“There is also a growing market for soft shell crabs, which S. olivacea seem to be better suited for, so there’s also demand for growing this species on its own too,” continues Perez.

“With a means to identify species at the early stages of grow out, they can opt to adjust their production scheme that best suits the species they have dependent on what’s available, the season, and the demand from the market.”

The Crabifier app in action: it can swiftly differentiate the species of mangrove crab, in real time


Developing technology to improve crab production

In order to improve survival rates, growth rates and the value of the farmers’ final product, the researchers – led by Dr Abeledo – decided to use novel techniques to distinguish the different species, so that the farmers could focus on growing S. Serrata.

“We wanted to help the farmers to identify the right species. We used DNA barcoding and checked if these barcodes matched with physical characteristics on the crabs. We found that the biggest differences are in the shape of the frontal lobes on the carapace,” says Dr Abeledo.

Once these physical markers had been identified, Dr Abeledo handed over to Courtney Anne Ngo, an assistant professor at DLSU, who was able to start developing an app using a convolutional neural network, that becomes more accurate as it was fed more validated images of crablets from each species – essentially a type of machine-learning algorithm that recognises the shape of the carapace of the crab. Called Crabifier, it is now available for free on android, it can differentiate between the species in real time, albeit on an individual basis.

“The fishermen want the system to be automated – ideally they can feed crabs into a machine, which can then sort them according to their species. We’re starting to develop that, but the project keeps getting delayed, due to restrictions brought on by the Covid-19 pandemic, so it’s now scheduled to take place in 2022-2023,” says Dr Abeledo.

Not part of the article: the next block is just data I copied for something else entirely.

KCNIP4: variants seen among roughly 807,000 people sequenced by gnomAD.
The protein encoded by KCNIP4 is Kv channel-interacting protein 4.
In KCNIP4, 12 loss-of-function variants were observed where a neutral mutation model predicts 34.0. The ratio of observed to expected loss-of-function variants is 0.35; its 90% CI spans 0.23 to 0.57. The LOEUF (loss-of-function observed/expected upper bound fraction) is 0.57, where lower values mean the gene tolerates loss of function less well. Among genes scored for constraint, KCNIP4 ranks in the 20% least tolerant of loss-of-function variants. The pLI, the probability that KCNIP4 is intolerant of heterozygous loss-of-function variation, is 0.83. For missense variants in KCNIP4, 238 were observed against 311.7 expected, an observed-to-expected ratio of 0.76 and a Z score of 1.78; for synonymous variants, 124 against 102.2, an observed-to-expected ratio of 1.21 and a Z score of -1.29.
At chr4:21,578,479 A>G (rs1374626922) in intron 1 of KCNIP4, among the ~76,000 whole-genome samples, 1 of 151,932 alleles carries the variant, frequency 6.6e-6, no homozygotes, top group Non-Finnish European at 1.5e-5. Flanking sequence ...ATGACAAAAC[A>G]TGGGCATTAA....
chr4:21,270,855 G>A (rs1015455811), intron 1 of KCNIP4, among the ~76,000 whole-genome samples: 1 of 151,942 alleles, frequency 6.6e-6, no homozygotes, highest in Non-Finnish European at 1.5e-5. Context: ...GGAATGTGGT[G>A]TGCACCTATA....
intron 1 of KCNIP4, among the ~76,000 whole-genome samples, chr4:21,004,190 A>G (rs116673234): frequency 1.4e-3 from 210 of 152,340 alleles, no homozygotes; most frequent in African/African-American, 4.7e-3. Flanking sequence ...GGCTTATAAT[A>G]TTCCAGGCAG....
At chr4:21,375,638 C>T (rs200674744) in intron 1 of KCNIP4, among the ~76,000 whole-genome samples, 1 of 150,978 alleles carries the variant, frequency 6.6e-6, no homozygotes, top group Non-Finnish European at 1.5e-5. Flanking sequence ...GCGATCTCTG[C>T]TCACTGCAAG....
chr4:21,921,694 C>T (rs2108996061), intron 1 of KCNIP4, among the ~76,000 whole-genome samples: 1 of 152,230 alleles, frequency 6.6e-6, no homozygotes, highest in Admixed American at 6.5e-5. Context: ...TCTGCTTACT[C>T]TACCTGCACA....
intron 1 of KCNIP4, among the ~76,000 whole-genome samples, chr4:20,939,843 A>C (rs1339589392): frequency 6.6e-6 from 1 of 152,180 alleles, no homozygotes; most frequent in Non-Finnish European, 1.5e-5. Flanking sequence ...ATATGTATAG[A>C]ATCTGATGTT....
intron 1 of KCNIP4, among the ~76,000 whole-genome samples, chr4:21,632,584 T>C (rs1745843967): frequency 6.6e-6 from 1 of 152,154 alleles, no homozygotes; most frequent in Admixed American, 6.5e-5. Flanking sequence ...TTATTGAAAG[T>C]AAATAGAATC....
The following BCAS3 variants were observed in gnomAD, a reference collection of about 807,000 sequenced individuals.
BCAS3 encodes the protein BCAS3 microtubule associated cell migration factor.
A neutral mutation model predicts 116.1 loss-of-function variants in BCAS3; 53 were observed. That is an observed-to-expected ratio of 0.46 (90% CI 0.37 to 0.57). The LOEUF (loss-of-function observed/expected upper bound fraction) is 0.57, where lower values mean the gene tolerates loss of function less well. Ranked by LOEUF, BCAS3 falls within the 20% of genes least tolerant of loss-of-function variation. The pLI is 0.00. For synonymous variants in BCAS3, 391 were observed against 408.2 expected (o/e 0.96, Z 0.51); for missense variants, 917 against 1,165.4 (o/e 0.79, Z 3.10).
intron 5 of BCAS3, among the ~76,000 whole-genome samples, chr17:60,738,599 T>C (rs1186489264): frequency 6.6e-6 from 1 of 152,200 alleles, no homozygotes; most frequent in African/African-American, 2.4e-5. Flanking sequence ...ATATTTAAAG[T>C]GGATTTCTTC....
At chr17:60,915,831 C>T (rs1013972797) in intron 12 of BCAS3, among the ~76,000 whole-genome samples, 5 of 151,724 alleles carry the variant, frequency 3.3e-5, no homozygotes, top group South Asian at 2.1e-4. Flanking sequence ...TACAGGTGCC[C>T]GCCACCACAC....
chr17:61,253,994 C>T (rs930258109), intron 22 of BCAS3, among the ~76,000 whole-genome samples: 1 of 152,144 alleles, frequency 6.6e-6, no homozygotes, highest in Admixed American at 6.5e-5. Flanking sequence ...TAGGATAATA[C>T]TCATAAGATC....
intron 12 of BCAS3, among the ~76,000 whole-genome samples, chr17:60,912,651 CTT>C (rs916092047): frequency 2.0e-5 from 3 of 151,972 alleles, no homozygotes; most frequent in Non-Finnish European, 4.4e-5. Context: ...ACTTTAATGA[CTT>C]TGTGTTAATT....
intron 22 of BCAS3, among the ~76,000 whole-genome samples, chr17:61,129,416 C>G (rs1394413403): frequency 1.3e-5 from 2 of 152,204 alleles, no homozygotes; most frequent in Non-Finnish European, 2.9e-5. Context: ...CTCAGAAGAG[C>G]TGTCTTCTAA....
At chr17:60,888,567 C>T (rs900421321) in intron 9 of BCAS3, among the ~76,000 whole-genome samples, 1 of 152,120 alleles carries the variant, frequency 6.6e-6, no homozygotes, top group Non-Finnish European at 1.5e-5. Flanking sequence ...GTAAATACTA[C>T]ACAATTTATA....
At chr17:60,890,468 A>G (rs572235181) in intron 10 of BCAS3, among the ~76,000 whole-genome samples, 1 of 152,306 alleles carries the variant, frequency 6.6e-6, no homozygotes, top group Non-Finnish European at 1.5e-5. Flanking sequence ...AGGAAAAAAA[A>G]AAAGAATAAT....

The DLSU team has developed both the Crabifier and Alinmango apps


Successful trials

The app has been successfully trialled by farmers in Luzon, but the team are looking forward to trialling it in other areas, once restrictions have eased. They also want to compare it with unique, traditional regional methods for differentiating the mangrove crab species.

“The app uses the frontal lobe shape to differentiate the crabs, but we’re also going to see if there are signs related to the colour and texture of the carapace too,” explains Hilarie Orario, another of the DLSU researchers.

Reducing mortalities

The team is also in the process of developing a second app, called Alinmango (which means sea witch) which is designed to ensure that farmers source crabs from areas of the coast that have similar environmental parameters to their ponds, thereby reducing mortalities at the time of transfer.

“We’ve been creating maps, based on existing databases of sea surface temperatures around the Philippines, highlighting the temperature ranges from 1981 to the present day. We’re also hoping to map out the pH and salinity levels and are using modelling to establish an automated map, so crab growers know which areas they should source their juveniles from,” explains Marcos Ramos, another DLSU researcher.

If successful this could also help to reduce mortalities, making for another important gain in this vital part of the fisheries and aquaculture sectors in the Philippines.

A workshop teaching farmers how to use the Crabifier app